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Anomalous material-dependent transport of focused, laser-driven proton beams.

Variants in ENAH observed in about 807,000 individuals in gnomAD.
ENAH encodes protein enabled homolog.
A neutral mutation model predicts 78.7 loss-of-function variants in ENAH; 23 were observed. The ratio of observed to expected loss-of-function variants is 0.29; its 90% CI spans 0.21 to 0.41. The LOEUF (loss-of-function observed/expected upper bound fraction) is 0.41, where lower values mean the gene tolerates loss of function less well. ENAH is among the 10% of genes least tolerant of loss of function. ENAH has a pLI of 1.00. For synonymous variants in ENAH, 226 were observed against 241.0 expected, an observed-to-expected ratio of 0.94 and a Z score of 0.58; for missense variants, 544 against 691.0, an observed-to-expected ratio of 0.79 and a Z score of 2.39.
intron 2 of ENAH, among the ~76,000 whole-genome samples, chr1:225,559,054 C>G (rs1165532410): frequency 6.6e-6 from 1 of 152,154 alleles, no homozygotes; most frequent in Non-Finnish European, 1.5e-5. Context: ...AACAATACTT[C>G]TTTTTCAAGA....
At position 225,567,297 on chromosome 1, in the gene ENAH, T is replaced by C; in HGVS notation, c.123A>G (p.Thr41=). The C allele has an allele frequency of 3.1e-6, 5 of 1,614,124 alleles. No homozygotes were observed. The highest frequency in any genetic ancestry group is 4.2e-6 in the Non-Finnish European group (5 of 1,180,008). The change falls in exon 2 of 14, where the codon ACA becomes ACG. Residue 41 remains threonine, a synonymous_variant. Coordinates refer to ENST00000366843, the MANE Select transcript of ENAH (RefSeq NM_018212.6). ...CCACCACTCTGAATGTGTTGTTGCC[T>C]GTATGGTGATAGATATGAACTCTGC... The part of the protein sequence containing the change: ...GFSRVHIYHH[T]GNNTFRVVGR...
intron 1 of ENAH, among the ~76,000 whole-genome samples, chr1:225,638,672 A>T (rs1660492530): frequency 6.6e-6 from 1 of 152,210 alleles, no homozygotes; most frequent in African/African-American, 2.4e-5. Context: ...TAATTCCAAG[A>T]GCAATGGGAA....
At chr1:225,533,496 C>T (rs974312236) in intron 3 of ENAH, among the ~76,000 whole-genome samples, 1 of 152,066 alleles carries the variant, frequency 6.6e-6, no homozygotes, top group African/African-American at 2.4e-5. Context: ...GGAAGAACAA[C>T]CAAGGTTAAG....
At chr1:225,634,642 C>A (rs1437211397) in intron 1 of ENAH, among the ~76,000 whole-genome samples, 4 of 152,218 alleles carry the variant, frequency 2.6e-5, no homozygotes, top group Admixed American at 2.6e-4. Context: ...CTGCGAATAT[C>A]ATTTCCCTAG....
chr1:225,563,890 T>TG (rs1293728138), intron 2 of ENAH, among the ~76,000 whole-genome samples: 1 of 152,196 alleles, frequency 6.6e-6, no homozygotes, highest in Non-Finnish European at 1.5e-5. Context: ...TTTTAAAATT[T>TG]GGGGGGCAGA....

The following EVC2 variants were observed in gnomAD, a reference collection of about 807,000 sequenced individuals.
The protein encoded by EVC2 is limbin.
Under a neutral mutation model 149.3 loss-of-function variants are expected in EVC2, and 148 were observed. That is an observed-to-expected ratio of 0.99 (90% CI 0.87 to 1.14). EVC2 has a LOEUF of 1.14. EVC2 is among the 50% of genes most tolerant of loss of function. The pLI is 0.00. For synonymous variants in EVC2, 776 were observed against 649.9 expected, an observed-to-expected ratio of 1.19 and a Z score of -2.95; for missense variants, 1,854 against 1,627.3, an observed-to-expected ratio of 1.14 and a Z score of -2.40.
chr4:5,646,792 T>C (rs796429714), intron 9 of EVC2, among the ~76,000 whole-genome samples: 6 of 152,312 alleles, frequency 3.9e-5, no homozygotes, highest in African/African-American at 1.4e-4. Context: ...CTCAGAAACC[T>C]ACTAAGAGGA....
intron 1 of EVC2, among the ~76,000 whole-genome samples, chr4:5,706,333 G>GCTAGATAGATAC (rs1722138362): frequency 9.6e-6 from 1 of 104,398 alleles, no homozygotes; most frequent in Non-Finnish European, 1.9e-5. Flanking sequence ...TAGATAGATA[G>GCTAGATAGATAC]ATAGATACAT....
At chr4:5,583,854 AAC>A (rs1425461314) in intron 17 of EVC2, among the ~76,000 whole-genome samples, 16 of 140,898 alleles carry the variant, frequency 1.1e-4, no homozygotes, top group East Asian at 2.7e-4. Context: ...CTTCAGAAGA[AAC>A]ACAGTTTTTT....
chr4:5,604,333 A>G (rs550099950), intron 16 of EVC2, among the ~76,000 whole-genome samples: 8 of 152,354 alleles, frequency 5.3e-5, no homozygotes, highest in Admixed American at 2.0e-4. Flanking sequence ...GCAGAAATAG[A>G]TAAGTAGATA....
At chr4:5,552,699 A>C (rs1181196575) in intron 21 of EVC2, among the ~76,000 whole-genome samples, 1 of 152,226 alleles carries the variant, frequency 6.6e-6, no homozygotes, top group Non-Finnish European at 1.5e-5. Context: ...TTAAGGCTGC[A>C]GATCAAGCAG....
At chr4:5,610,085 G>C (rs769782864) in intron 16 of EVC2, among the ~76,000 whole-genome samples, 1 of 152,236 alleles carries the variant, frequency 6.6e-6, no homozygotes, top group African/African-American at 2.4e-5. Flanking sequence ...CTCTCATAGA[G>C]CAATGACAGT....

Intense lasers can accelerate protons in sufficient numbers and energy that the resulting beam can heat materials to exotic warm (10 s of eV temperature) states. Here we show with experimental data that a laser-driven proton beam focused onto a target heated it in a localized spot with size strongly dependent upon material and as small as 35 μm radius. Simulations indicate that cold stopping power values cannot model the intense proton beam transport in solid targets well enough to match the large differences observed. In the experiment a 74 J, 670 fs laser drove a focusing proton beam that transported through different thicknesses of solid Mylar, Al, Cu or Au, eventually heating a rear, thin, Au witness layer. The XUV emission seen from the rear of the Au indicated a clear dependence of proton beam transport upon atomic number, Z, of the transport layer: a larger and brighter emission spot was measured after proton transport through the lower Z foils even with equal mass density for supposed equivalent proton stopping range. Beam transport dynamics pertaining to the observed heated spot were investigated numerically with a particle-in-cell (PIC) code. In simulations protons moving through an Al transport layer result in higher Au temperature responsible for higher Au radiant emittance compared to a Cu transport case. The inferred finding that proton stopping varies with temperature in different materials, considerably changing the beam heating profile, can guide applications seeking to controllably heat targets with intense proton beams.

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